American Girl-Sweetest thing

It started in 1986 when I was seven years old. I received the Pleasant Company catalog and felt a heartfelt connection with the American Girls Collection. In my childhood I had Samantha, Kirsten, and Felicity. Emma, Hilary Grace, and Rosie Grace now own them. We own 24 American Girl Dolls. It’s a lot of $$$$ but I don’t mind. These dolls bring them positive messages that they’ll carry with them to college and beyond. During downtime or simply during the day Emma cuddles with her dolls reading the historical books with her dolls on her lap. The girls care for their dolls as if they’re real live humans. They even have matching pajamas and clothes matching their dolls. It’s the sweetest thing. It’s beautiful. Emma recently got an A+ on her beautifully detailed report of the colonial era she calls “Felicity era”. She owns Felicity (who used to be mine)¬†and Elizabeth and tells me they’re her favorite of all. I’ll name them all: Addy, Samantha, Felicity, Elizabeth, Just Like You #24 (wavy dark blonde hair, light skin with freckles, brown eyes), Bitty Twins pair (brown haired girl and boy), Bitty Baby (blonde hair, grey blue eyes, light skin), Josefina, Kaya, Ruthie, Emily, Kailey, Jess, Nicki, Mia, Chrissa, Gwen, Kanani, McKenna, Saige, Julie, Ivy, ¬†Caroline, and Kirsten. Four years back I built Emma, Hilary Grace, and Rosie Grace an life sized dollhouse for their American Girl Dolls which they decorated with American Girl furniture. We renovated our playroom into an American Girl Doll Room-literally. It’s painted red with white stars, houses our life sized dollhouse, and is filled with American Girl Dolls, clothing, accessories, and more. We’ve been to the American Girl Stores in New York, Los Angeles, Mall of America, Miami, Mclean, and Chicago. American Girl will be a forever part of our home!!!!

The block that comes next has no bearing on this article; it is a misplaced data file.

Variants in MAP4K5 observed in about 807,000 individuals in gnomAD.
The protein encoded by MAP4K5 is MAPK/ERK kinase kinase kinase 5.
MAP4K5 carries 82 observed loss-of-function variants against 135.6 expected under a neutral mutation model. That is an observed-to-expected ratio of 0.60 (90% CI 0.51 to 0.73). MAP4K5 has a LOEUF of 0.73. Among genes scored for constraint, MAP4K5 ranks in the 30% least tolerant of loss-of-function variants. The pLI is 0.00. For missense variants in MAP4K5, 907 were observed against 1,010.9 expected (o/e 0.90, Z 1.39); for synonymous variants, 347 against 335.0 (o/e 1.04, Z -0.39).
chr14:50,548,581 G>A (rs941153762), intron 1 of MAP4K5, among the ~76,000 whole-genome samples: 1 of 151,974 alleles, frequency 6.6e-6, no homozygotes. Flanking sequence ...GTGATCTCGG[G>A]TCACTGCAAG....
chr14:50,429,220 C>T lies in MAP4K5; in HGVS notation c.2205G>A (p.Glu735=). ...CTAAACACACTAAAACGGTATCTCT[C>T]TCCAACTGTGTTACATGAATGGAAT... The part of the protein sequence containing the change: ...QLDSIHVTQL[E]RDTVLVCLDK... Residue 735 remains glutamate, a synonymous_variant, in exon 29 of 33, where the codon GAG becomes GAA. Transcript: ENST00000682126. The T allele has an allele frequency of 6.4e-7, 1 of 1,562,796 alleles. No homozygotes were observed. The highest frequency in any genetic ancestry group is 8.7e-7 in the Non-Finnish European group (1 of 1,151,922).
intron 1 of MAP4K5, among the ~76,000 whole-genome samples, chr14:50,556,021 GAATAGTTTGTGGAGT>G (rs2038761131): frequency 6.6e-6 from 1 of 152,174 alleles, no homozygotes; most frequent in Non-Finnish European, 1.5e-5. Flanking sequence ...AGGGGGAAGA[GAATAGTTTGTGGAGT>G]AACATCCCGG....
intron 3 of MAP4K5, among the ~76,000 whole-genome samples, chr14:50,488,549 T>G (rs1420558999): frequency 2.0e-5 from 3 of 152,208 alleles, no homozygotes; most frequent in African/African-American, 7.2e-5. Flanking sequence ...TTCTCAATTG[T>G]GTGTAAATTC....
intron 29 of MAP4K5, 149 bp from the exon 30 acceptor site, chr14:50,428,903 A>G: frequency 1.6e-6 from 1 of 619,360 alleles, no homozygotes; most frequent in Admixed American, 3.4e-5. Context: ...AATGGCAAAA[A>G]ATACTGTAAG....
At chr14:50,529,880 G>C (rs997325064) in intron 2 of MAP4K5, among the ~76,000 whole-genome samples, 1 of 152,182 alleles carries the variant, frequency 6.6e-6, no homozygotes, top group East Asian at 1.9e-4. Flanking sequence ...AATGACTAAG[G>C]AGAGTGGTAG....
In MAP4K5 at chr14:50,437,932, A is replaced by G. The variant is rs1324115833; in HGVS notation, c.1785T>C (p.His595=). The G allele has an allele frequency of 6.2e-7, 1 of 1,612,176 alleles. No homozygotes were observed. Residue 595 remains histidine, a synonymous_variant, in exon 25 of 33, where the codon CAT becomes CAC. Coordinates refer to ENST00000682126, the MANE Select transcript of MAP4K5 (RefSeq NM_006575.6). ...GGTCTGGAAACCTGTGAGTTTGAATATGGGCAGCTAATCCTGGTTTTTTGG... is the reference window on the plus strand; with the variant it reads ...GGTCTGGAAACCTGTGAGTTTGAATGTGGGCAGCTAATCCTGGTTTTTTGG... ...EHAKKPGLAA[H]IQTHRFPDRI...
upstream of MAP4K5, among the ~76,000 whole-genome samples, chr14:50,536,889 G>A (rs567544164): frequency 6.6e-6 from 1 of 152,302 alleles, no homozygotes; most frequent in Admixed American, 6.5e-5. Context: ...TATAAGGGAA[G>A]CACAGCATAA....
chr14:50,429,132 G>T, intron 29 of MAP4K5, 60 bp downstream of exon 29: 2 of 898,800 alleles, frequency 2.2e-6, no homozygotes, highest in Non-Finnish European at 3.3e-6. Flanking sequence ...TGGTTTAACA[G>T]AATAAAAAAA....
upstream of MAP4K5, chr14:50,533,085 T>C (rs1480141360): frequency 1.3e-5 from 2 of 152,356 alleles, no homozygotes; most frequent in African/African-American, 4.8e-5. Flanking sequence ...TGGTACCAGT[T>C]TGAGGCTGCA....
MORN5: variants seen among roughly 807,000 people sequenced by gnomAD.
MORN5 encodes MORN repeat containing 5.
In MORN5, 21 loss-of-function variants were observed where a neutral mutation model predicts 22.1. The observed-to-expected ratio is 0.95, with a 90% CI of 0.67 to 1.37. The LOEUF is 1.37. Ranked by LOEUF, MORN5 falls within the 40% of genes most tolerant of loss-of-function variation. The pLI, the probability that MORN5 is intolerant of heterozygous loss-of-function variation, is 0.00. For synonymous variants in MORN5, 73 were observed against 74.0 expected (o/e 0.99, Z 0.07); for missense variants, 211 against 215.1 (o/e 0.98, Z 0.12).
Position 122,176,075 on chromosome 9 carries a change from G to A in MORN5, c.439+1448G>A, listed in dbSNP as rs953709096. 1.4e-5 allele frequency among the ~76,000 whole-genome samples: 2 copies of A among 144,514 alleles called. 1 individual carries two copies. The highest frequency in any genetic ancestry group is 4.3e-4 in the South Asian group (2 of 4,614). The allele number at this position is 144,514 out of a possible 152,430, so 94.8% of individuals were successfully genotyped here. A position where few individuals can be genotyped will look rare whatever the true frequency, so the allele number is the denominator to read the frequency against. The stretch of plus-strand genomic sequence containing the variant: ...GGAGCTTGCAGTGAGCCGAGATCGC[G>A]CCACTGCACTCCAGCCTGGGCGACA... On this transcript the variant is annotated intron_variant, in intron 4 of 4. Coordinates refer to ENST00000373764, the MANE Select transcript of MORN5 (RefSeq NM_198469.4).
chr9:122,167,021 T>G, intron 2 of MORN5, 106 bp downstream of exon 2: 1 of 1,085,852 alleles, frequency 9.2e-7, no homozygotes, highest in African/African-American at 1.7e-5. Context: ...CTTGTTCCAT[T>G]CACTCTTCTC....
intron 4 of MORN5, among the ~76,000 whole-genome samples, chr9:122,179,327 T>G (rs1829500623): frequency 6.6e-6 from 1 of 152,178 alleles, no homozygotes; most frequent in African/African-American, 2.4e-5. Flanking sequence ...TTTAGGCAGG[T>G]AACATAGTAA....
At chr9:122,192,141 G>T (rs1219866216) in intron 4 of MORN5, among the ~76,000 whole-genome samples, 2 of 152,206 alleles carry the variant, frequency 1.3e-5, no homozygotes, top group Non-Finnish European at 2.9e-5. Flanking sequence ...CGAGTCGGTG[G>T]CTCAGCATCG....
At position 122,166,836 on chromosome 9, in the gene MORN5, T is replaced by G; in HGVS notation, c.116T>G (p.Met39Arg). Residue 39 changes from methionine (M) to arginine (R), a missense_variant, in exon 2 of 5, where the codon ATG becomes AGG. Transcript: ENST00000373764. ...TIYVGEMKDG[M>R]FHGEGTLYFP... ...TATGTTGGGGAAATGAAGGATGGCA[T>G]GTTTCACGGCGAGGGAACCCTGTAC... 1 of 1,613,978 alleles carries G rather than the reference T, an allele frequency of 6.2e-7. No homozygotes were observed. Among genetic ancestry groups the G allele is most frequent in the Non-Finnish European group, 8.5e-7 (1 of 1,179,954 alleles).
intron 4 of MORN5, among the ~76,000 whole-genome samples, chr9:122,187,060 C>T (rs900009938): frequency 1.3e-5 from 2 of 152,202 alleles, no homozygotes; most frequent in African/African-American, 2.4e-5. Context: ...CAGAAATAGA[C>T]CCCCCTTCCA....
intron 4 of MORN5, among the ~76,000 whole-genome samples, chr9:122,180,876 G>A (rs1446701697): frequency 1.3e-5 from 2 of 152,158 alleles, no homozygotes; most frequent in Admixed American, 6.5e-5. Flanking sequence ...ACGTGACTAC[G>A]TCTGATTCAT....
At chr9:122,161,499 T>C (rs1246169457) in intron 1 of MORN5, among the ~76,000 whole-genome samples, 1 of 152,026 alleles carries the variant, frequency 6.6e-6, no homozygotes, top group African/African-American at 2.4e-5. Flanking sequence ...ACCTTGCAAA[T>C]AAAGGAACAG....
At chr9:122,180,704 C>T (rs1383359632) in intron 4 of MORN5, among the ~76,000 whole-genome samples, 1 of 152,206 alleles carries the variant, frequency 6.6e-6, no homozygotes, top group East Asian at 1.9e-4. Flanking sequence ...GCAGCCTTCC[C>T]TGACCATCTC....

Creating an anti-fashion doll home

Luckily Emma, Hilary Grace, and Rosie Grace have no interest in Barbies or the Barbie cousins: Bratz, Monster High Dolls, Growing Up Glam Dolls, and Growing Up Skipper Dolls. Emma sees all these dolls, especially Barbies, as “disgusting”, “worthless”, and “zero percent education”. I couldn’t agree more. The only dolls in our home are American Girl Dolls, which they LOVE. American Girl Dolls teach lessons about history, family, friends, school, pets, and most importantly: LIFE. Not to be confused with the board game. They’re 18″, are made of fabric and vinyl, and have a story behind them and come with chapter books for girls to read. Barbies are the opposite. They teach girls fashion, boyfriends, makeup, and believe it or not, not are they only bad for girls education, they put girls health at risk. Barbies have caused anorexia and bullimia in girls due to their skinny body image. Think before you get your girl a fashion doll. Luckily I don’t have to worry about fashion dolls with my girls.